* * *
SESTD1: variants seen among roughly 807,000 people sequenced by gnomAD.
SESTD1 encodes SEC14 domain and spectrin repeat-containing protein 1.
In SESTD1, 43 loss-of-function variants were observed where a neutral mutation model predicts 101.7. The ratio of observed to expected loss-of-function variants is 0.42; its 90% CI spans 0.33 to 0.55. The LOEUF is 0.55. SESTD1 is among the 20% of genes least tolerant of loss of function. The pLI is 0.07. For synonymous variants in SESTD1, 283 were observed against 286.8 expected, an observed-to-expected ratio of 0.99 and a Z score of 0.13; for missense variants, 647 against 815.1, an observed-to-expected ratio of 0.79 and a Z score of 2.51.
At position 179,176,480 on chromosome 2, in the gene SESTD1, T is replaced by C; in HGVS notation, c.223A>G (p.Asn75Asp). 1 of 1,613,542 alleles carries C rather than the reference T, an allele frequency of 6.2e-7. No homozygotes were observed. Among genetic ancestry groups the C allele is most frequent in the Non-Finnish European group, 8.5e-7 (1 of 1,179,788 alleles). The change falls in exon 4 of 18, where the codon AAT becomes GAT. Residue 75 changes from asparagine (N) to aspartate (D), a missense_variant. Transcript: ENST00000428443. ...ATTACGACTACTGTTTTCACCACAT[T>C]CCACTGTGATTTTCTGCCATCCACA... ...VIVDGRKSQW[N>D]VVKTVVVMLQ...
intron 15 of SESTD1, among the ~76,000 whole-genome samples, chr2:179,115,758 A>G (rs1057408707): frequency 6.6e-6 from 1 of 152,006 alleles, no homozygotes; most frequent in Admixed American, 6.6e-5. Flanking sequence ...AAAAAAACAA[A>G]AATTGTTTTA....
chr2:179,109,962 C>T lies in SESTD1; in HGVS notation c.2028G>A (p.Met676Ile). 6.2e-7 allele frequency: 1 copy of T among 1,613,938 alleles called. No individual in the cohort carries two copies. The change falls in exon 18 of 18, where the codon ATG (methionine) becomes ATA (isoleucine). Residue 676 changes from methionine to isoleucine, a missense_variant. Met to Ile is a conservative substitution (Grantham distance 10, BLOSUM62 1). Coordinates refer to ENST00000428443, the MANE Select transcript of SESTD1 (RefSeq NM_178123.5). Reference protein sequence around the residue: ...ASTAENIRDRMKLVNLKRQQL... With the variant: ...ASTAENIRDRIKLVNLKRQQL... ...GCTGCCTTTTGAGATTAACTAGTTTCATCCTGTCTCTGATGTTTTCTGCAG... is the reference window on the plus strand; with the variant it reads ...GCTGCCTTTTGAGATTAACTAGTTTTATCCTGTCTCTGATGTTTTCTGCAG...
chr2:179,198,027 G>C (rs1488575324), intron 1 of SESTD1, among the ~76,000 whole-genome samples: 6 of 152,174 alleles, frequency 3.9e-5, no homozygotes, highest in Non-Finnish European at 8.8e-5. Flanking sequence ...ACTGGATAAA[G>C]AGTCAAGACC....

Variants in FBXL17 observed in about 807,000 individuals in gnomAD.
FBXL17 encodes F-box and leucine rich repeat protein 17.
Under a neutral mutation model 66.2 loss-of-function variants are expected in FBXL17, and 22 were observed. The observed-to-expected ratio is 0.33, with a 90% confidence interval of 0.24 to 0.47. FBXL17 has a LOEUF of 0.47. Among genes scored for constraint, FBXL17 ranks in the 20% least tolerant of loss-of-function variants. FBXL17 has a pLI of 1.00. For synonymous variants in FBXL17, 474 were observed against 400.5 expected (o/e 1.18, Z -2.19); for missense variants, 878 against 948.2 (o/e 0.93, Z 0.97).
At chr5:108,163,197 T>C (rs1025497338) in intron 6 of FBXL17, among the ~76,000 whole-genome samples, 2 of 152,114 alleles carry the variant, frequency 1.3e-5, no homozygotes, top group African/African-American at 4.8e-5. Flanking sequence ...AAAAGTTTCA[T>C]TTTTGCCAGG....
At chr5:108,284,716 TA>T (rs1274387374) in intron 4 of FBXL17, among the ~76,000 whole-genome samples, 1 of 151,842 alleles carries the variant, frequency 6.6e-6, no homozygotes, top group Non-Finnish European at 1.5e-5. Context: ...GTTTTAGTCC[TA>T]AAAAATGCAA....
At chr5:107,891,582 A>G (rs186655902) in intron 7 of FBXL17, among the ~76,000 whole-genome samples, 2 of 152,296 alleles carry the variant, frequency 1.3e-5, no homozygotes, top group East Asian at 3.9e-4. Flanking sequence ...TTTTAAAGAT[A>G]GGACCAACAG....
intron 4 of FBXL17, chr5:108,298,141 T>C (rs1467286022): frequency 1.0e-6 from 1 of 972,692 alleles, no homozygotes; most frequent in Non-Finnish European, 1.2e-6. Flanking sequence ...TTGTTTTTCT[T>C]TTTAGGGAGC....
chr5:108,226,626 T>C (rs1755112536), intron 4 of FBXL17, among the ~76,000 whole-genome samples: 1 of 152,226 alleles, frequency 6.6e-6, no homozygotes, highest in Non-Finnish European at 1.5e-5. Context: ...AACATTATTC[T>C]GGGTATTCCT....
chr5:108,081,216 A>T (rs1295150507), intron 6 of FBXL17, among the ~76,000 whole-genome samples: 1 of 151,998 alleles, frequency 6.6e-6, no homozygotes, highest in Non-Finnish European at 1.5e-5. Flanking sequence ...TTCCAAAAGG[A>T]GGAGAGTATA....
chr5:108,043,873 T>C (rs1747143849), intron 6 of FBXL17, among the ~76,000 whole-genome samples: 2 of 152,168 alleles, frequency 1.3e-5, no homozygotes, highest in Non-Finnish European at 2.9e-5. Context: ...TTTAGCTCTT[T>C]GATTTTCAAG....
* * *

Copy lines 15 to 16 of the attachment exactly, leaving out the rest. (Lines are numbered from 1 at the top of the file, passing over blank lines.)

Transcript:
chr5:108,226,626 T>C (rs1755112536), intron 4 of FBXL17, among the ~76,000 whole-genome samples: 1 of 152,226 alleles, frequency 6.6e-6, no homozygotes, highest in Non-Finnish European at 1.5e-5. Context: ...AACATTATTC[T>C]GGGTATTCCT....
chr5:108,081,216 A>T (rs1295150507), intron 6 of FBXL17, among the ~76,000 whole-genome samples: 1 of 151,998 alleles, frequency 6.6e-6, no homozygotes, highest in Non-Finnish European at 1.5e-5. Flanking sequence ...TTCCAAAAGG[A>T]GGAGAGTATA....